Selling the family silver

The Korean bidders for Arrium will be laughing all the way to the bank as Australia's short-sighted fund managers hand over our prized assets (and retirees' future incomes) for a pittance.

Like the French, the Koreans must think that Australians are absolutely mad. The Koreans are able to bid for one of the world’s most strategic iron ore/steel assets for just three times what the company looks set to earn next financial year.

And the bid was substantially above the previous market. I am, of course talking about the bid the Koreans are making for OneSteel, which now calls itself Arrium.

Of course, even that rock bottom price the Korean bid is more attractive than what the French last year paid stupid Australians for one if the most prized global financial assets – Australia’s controlling stake in the Axa Chinese financial network.

It’s no accident that most of our big our institutions have no idea how to value shares that are not in the top 50 stocks. Partly because our big superannuation managers are not doing their job, Australians are taking their money out of the big funds and investing it themselves and are usually doing much better.

Unfortunately directors of companies like One Steel (sorry, Arrium) still make pilgrimages to the dinosaur institutions that can’t be bothered listening to any material that forecasts longer than 12 months. The companies themselves ignore the self-managed funds that now have 35 per cent of the superannuation market and look set to take 50 to 60 per cent. We are watching a re-run of the newspaper classified market.

The Koreans (and the French) can’t believe their good fortune.

Even if the Koreans bid, say, $1.50 an Arrium share (twice the initial bid) you are still looking at a price to earnings ratio of just six for 2013-14 earnings.

The advisers to the Koreans have told them the formula to get assets on the cheap and, wisely, the Koreans are adopting it. You flood the inexperienced journalists in the daily financial papers day in day out with garbage about how good the bid is and how directors will be under pressure. The Australian Financial Review leads the pack in scaring directors (although its experienced commentator Matthew Stevens was not sucked in by the Koreans).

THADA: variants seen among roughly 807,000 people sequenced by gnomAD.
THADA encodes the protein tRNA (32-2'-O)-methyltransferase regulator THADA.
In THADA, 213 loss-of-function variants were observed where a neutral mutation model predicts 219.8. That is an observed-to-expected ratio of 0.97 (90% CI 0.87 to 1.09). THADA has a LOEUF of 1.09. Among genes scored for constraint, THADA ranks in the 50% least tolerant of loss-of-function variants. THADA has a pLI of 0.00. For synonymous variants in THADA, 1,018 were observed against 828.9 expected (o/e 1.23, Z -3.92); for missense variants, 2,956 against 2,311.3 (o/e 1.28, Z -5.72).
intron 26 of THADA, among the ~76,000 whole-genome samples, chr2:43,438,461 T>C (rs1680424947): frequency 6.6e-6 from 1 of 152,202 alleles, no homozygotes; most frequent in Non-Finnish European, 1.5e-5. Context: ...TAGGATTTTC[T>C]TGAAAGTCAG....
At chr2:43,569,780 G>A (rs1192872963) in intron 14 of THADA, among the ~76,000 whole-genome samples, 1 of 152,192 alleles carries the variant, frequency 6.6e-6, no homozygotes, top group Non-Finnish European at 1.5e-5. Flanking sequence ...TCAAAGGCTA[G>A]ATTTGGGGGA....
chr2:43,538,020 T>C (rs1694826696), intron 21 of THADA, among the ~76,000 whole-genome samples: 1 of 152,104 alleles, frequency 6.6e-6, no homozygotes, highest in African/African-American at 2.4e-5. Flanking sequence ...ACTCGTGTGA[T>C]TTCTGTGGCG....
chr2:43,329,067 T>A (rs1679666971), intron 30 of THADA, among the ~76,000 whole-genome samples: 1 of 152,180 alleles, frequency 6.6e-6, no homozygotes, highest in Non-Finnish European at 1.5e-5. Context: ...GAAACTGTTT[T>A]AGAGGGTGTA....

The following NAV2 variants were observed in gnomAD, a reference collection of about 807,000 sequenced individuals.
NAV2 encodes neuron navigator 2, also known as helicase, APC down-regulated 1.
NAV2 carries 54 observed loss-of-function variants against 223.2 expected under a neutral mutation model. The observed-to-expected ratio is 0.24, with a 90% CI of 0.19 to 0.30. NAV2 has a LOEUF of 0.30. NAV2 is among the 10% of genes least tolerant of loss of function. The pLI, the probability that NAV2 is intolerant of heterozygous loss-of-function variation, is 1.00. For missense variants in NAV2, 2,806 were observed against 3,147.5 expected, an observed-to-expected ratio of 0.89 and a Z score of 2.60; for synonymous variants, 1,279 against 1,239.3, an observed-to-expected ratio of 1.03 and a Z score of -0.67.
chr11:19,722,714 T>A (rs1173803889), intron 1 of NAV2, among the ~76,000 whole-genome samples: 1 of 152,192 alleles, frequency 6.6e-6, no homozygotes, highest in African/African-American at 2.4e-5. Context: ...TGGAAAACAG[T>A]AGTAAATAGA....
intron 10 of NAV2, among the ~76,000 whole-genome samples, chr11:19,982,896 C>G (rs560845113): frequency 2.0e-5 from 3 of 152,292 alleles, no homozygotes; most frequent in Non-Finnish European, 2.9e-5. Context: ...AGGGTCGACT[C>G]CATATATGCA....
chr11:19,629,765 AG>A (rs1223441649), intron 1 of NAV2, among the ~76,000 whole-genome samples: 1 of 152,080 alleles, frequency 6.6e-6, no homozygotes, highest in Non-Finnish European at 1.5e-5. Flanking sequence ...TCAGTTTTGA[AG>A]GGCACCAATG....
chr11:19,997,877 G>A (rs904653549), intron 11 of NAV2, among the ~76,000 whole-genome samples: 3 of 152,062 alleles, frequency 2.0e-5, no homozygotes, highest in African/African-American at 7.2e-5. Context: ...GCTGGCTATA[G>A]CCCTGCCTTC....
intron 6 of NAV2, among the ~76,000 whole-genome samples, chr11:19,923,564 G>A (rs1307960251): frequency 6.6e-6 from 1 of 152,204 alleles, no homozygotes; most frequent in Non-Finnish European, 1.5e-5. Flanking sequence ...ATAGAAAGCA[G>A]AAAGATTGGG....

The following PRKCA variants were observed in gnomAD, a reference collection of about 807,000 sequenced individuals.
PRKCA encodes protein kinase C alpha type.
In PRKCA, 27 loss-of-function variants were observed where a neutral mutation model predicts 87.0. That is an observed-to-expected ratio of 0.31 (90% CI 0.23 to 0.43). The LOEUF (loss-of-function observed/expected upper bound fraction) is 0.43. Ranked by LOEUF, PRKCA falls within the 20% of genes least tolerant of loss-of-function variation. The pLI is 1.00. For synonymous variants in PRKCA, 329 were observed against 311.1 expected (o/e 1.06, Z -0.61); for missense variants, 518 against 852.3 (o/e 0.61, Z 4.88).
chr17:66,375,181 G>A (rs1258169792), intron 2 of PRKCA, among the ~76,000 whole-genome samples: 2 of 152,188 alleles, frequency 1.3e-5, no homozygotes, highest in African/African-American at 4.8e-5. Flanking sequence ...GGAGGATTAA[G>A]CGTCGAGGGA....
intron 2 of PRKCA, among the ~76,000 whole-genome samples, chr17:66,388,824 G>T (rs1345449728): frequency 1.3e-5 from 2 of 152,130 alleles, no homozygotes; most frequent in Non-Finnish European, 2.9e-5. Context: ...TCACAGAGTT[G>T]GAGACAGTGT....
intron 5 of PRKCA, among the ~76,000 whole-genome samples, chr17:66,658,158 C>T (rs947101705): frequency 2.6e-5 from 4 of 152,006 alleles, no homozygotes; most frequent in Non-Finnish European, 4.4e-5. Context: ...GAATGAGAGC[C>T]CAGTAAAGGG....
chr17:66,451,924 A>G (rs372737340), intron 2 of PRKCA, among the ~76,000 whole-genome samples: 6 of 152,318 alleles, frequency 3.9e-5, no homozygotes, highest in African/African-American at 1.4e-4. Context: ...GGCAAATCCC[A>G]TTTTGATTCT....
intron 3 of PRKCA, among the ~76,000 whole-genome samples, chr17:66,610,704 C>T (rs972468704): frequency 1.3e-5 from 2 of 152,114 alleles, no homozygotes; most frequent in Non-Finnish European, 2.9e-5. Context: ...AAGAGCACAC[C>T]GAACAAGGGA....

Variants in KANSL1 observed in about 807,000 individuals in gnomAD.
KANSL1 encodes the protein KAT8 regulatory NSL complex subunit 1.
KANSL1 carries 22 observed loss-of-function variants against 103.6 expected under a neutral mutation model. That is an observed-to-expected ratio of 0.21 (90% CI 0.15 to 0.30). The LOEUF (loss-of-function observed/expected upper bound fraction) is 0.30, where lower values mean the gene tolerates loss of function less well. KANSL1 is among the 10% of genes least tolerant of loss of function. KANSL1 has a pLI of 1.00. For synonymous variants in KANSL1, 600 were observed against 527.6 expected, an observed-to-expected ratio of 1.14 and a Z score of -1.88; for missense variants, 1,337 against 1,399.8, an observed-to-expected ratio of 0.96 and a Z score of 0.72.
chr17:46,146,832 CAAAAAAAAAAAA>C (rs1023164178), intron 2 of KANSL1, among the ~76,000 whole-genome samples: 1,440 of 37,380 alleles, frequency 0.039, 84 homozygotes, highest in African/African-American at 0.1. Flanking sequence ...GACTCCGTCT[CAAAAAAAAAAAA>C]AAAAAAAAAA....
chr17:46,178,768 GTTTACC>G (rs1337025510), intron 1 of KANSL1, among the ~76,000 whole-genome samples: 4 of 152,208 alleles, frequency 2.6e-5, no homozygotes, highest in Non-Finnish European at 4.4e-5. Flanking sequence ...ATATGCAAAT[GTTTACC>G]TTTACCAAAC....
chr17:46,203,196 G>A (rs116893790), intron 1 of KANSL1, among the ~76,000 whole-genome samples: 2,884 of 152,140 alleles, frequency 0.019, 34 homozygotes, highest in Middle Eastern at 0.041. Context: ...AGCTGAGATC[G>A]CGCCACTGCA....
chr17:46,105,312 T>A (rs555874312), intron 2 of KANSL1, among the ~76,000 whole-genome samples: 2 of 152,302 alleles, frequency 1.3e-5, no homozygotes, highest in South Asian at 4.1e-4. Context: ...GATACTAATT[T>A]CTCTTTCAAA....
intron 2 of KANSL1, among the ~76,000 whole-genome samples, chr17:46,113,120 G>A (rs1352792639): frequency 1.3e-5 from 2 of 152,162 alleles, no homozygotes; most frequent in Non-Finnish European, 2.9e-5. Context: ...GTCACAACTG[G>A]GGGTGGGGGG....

Other papers also join in 'the fun'.

As Alan Kohler pointed out yesterday (Arrium's slow, sad super song, October 2) we are giving away at silly prices prized assets which we are going to need to fund our retirement, simply because the current generation of young fund managers don’t understand what older Australian savers need.

In addition Australian institutions have trouble valuing globally strategic assets like Arrium.

Let's go to Morgan Stanley research to show why the Koreans want Arrium.

POSCO is the largest steelmaker in Korea and the third largest in the world. It only produces 30 to 35 ore cent of its iron ore requirements but its current iron ore costs are above $US100 a tonne.

The additional Arrium 11 million tonnes will cost Korea about 50 per cent less than its current costs. And remember that Arrium has just completed an expansion of its South Australian mine from six million tonnes to 11 million tonnes on time and on budget. A remarkable achievement. If you wanted to build it today the cost would be double.

Arrium is one of the very few Australian companies that are global leaders in a market – CSL, Cochlear and Orica are the standouts. Arrium is the global leader in grinding balls and has a substantial US operation. Grinding balls are essential to the production of copper and gold, two of the metals that are doing well.

It’s true Arrium has debt which would cause a problem if the iron ire price slumped to, say, $60 a tonne – but that would put most iron ore mines out of business (Iron ore went above $180 a tonne at the peak).

When it comes to 2013-14 earnings, iron ore will be in full production and Morgan Stanley estimates that Arrium will earn 25 cents a share. Deutsche Bank is going for 31 cents a share. Given the strategic nature of the assets, a price to earnings ratio of about eight to ten times estimated earnings for the next financial year would not be out of line.

And remember that next financial year the avalanche of money coming in to fund the LNG projects will fall and the dollar should decline sharply, something which would send Arrium profits through the roof. And it is always possible Andrew Forrest is right and the iron ore price will rise again.

The Koreans must be toasting each day in Maesil Ju – a traditional Korean wine made out of green plums.


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